Brow Beat

What a 2003 Documentary About Rich Kids Tells Us About Ivanka Trump’s Coming of Age

An early glimpse of the country’s new “first lady.”


You may think of Ivanka Trump as a businesswoman, wife, mother, and henchwoman. Thirteen years ago, however, she was just a marginally-less-famous sometimes-model who agreed to participate in a documentary on what it’s like to be a ridiculously wealthy young American. That film, Born Rich, provides an uncanny glimpse into the early life of the country’s future “first lady.”

Born Rich was directed by Jamie Johnson, an heir to the Johnson & Johnson fortune who spent several years pointing a camera at his millionaire peers and getting them to muse about what it’s like to live with inherited wealth. The other young people on camera veer between unseemly bragging—“I can just say, ‘fuck you, I’m from New York. My family can buy your family, piss off’ ”—and even more unseemly bellyaching. At first glance, Ivanka’s appearance is disappointingly upbeat and on-message in comparison. She gives a serene tour of her childhood bedroom, and tells an endearing story, well worn by now, about preferring Erector Sets to baby dolls. “I’m absolutely proud to be a Trump, and I’m proud of my family name and proud of everything they’ve done and ever accomplished,” she says, tidily covering her bases. As an old college friend told a reporter last year, “She doesn’t complain about anything, and she rarely expresses weakness.” That seems to be the Ivanka on display in Born Rich.

But despite the loyal daughter’s best intentions, some of her interviews are revealing. She tells a story—which may also feel familiar at this point—about walking down Fifth Avenue with her father around the time of his divorce from her mother, when Ivanka was 9 or 10 years old. They saw a homeless man sitting outside Trump Tower. “I remember my father pointing to him and saying ‘You know, that guy has 8 billion dollars more than me,’ because he was in such extreme debt at that point,” she recalls. “It makes me all the more proud of my parents, that they got through that.” It’s remarkable that Trump père was so frank with his very young daughter about his financial problems; it’s clear that he has always trusted her. Even a decade later, however, it does not seem to occur to Ivanka that her father was not actually poorer than the homeless man sitting outside the building with her last name on it. Instead, she frames the story as a revelation, using it as a canny opportunity to reflect on her father’s strength, resilience, and insight.

At another point in Born Rich, she mentions a more recent incident backstage at a modeling job in Australia. A strange man came up to her and asked her, “What does does it feel like to be wealthy?” and “What does it feel like to never have felt any pain?” “That really upset me,” Ivanka says. Aha, a moment of weakness, a glimpse of humanity! But wait: “Not because I was upset for myself,” she continues, “but because I was upset for him. I was bothered by the fact that he could be so ignorant. And like that there are people out there who could say such a blanketed thing and just be so downright stupid and not sure the brain that they have. That’s what bothered me. Not the fact that anything he said really wounded me deep down, just the fact that there are really people out there who think like that. To think that with money comes happiness.” In other words: When a stranger aggressively badgered me about not feeling any pain, I was upset because he was so stupid, but I want to be very clear that I did not feel pain. Notice, too, how over the course of just a few sentences, she shifts with Trumpian aplomb from condescension (“upset for him”) to disdain (“so downright stupid”) to boasting (“not the fact that anything he said really wounded me”).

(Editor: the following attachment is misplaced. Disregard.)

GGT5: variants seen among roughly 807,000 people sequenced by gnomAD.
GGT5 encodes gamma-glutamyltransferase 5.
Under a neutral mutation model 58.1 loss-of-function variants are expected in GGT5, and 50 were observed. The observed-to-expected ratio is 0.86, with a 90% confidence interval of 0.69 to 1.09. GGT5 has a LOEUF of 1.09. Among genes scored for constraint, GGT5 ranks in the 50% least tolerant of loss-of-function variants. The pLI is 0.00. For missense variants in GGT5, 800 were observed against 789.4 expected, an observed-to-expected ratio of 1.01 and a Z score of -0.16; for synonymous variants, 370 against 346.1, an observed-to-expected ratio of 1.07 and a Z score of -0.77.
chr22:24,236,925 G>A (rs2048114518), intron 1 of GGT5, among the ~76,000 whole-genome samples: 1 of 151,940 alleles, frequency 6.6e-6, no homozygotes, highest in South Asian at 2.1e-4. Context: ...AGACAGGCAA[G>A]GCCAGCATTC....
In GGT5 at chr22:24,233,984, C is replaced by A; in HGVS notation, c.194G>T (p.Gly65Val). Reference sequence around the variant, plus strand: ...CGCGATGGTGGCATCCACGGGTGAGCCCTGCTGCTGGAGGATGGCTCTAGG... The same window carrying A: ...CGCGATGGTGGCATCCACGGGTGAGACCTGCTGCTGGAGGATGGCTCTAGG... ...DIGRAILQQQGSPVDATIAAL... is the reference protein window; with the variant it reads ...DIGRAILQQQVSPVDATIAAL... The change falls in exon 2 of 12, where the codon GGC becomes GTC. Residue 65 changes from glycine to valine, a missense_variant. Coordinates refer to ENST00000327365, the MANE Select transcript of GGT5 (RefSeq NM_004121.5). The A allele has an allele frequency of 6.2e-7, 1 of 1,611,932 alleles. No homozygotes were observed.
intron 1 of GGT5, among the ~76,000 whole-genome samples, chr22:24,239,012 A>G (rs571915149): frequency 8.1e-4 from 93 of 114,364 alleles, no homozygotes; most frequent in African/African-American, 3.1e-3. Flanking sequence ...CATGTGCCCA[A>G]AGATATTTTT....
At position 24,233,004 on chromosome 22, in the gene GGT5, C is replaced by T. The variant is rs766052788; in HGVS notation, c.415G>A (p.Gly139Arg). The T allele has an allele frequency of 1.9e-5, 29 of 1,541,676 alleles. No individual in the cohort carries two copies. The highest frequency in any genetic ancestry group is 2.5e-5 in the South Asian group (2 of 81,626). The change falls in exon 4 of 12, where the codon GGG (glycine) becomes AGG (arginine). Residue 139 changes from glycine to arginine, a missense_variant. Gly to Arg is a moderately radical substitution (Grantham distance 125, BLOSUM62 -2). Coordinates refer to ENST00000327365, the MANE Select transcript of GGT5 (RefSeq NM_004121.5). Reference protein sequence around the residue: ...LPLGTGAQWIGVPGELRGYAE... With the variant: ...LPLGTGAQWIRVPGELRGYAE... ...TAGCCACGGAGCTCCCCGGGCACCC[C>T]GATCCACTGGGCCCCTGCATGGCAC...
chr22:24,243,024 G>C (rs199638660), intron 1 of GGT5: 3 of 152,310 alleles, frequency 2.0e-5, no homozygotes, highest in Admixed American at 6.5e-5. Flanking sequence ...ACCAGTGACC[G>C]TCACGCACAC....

Born Rich, which originally aired on HBO, is not a good movie. The camera angles are weird, the lighting inconsistent, and the theme never moves beyond “Having money sure is complicated.” Johnson clearly felt called to the subject by some spark of self-awareness, but the spark isn’t bright enough to provide much illumination. In one scene, his voice-over declares that his father nobly declined to “go on permanent vacation,” over shots of his dad daubing oil paint onto a large canvas in a two-story home art studio. Johnson’s deadpan screen presence is uncannily similar to the comedian Nathan Fielder on the impeccable reality-show satire Nathan for You, only Johnson isn’t kidding at all.

As off-key as Born Rich may be as a piece of cinema, however, it’s worth watching for the candor the young director elicits from his peers. In one scene, the heir to a European textile fortune compares his tailored suit’s “aristocratic” high lapels to the way Bill Clinton wears his low, “like a restaurant owner, it’s so vulgar.” Later, Johnson prods an heir to the A&P supermarket chain to speculate on what she would do if she had all that cash on hand: “Give it all to the homeless—no, I’m kidding!” she answers, shrieking with laughter. “Let’s see, I’d just have a few houses, in like the Bahamas and London. And animals, and a plane. A big art studio, things like that.” Even in her early 20s, Ivanka Trump was smart enough not to deliver up a moment like that for posterity.